Friday, August 22 2014 8:13 AM EDT2014-08-22 12:13:32 GMT
Photo of armed robbery suspect (Source: University of South Carolina Division of Law Enforcement and Safety
A USC student was robbed at gunpoint early Thursday morning, according to the University of South Carolina Police Department. The student was walking through the USC Horseshow around 12:40 a.m. when heMore >>
A USC student was robbed at gunpoint early Thursday morning, according to the University of South Carolina Police Department.More >>
Friday, August 22 2014 12:42 PM EDT2014-08-22 16:42:01 GMT
Elgin police need help locating two men who they say broke into a car wash in the area and stole money from the control boxes. Investigators say the suspects broke into the Elgin Car Wash on Rose StreetMore >>
Elgin police need help locating two men who they say broke into a car wash in the area and stole money from the control boxes.More >>
COLUMBIA, S.C. (AP) - The House has taken a new approach to passing a bill
designed to prevent South Carolina's elections from being thrown into chaos
The proposal sent Friday to the Senate would both create a statewide model
for county election boards, to hopefully remove the threat of chaos, and give
the State Election Commission oversight over those 46 boards.
That new authority could improve elections and ensure everyone's vote is
counted, state elections spokesman Chris Whitmire said Friday.
Currently, if a county isn't following the law or voluntarily complying withpolicy, the agency can only inform local officials and legislators of a potential problem.
"They are their own entity. We can't compel them to do anything,"
A panel of House and Senate members had been working on a compromise over
different versions of a bill on the governance of county election boards.
But that tentative compromise required a two-thirds vote in each chamber, a
difficult proposition in the Senate. So the House instead attached the
compromise to a separate election-related bill and, after a unanimous vote
Thursday, returned that amended measure to the Senate. A simple majority
approval in that chamber would send it to the governor's desk.
Senate Judiciary Chairman Larry Martin said he doesn't care how the fix
passes, as long as it does before the legislative session ends June 5. Voters
go to the polls five days later.
Martin, R-Pickens, has repeatedly urged his colleagues to act quickly,
noting a verdict on a lawsuit filed in March could jeopardize the primaries. The
South Carolina Public Interest Foundation has asked a judge to throw out a 2008
state law that allows each county election office to organize differently.
The attorney general's office believes that law violates the state
constitution's ban against single-county legislation. If a court affirms the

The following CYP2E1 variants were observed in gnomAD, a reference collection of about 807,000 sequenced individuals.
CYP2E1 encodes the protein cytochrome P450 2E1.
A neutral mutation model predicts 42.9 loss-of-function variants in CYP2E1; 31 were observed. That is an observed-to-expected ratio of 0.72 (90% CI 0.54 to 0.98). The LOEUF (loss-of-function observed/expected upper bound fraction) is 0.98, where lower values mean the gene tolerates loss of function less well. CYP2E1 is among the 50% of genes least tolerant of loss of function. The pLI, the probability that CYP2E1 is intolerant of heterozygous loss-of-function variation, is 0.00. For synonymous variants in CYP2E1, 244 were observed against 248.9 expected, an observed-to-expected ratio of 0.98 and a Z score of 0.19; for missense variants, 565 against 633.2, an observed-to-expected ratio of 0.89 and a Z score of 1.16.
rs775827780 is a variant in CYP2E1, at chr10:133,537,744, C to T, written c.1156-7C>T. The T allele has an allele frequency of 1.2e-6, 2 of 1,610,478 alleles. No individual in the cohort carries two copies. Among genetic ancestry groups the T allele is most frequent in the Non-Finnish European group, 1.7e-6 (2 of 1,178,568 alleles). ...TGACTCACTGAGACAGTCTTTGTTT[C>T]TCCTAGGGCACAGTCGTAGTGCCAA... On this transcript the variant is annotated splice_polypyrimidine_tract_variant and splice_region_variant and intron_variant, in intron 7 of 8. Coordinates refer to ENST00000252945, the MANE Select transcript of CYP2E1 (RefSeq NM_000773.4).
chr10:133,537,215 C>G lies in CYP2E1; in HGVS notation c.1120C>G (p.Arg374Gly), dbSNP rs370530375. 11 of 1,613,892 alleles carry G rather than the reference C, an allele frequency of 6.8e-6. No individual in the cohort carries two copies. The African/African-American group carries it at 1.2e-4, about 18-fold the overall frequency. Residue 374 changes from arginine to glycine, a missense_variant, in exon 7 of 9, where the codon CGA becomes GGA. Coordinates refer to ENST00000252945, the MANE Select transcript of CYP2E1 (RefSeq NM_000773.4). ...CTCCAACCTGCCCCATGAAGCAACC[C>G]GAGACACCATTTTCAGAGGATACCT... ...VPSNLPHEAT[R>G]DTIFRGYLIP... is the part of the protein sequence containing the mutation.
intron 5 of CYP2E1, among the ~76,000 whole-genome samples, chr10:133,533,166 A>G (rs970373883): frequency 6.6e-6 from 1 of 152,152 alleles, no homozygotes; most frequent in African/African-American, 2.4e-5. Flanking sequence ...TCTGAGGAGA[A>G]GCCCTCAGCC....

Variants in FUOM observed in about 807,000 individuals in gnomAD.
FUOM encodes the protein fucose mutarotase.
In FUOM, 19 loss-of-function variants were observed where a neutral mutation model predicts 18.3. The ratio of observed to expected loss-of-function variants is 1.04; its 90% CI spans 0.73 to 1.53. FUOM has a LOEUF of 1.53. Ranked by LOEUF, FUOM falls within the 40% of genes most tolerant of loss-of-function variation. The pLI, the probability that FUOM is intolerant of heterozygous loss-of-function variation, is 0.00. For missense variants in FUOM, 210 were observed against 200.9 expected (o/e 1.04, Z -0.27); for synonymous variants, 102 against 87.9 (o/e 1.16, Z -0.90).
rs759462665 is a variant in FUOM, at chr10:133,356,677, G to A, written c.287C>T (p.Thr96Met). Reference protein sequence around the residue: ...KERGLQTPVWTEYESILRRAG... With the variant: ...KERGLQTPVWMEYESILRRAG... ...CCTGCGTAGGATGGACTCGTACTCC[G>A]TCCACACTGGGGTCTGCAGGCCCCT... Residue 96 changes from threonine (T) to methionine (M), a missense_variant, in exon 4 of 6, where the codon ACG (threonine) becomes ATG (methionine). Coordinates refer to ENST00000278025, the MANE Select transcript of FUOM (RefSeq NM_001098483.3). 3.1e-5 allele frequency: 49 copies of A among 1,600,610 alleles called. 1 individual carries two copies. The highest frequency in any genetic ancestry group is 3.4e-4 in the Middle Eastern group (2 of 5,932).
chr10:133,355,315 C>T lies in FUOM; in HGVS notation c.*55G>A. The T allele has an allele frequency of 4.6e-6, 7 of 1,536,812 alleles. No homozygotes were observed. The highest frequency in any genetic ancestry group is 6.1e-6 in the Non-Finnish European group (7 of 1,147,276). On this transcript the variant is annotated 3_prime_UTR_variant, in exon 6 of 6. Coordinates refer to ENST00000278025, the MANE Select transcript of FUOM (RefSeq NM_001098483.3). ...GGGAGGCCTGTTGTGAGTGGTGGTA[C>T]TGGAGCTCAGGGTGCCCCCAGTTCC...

top prosecutor's opinion, there could be no one left locally to conduct
elections, Martin has said. Lawmakers also fear a post-election verdict could
overturn the results.
Legislators don't want to take that chance two years after a lawsuit against
a single candidate resulted in about 250 people being kicked off primary
The House's initial version of the fix allowed counties to continue
separating the oversight of elections and voter registration, but Martin doubts
that would pass constitutional muster. The Senate version forced a merger,
providing a single governance structure for the counties to follow.
The compromise adopts the Senate's merger requirement, while including the
House provision that gives more authority to the State Election Commission. The
compromise as passed Thursday further specifies the corrective steps if a
county isn't complying with election laws or state policies.
Such accountability in elections is long overdue, said Rep. Alan Clemmons,
The proposal would require post-election audits, bolstering what's already
Since 2010, the state agency has audited electronic voting data, but
counties participate voluntarily.
A timely audit would have caught Richland County's incorrect vote totals
before the November 2010 and 2013 election results were certified, Whitmire
said. In 2010, more than 1,100 votes weren't counted in that county. In 2013,
more than 1,000 votes weren't part of the certified total. While those votes
didn't impact the elections' outcome, "our mission is to count every vote.
Our motto is every vote matters," he said.
The bill's authority also would have enabled the state agency to assist
Richland County following its long lines of 2012, to formally recommend how to
prevent that from happening again, Whitmire said. Voters stood in line for up
to six hours because voting machines weren't properly distributed among the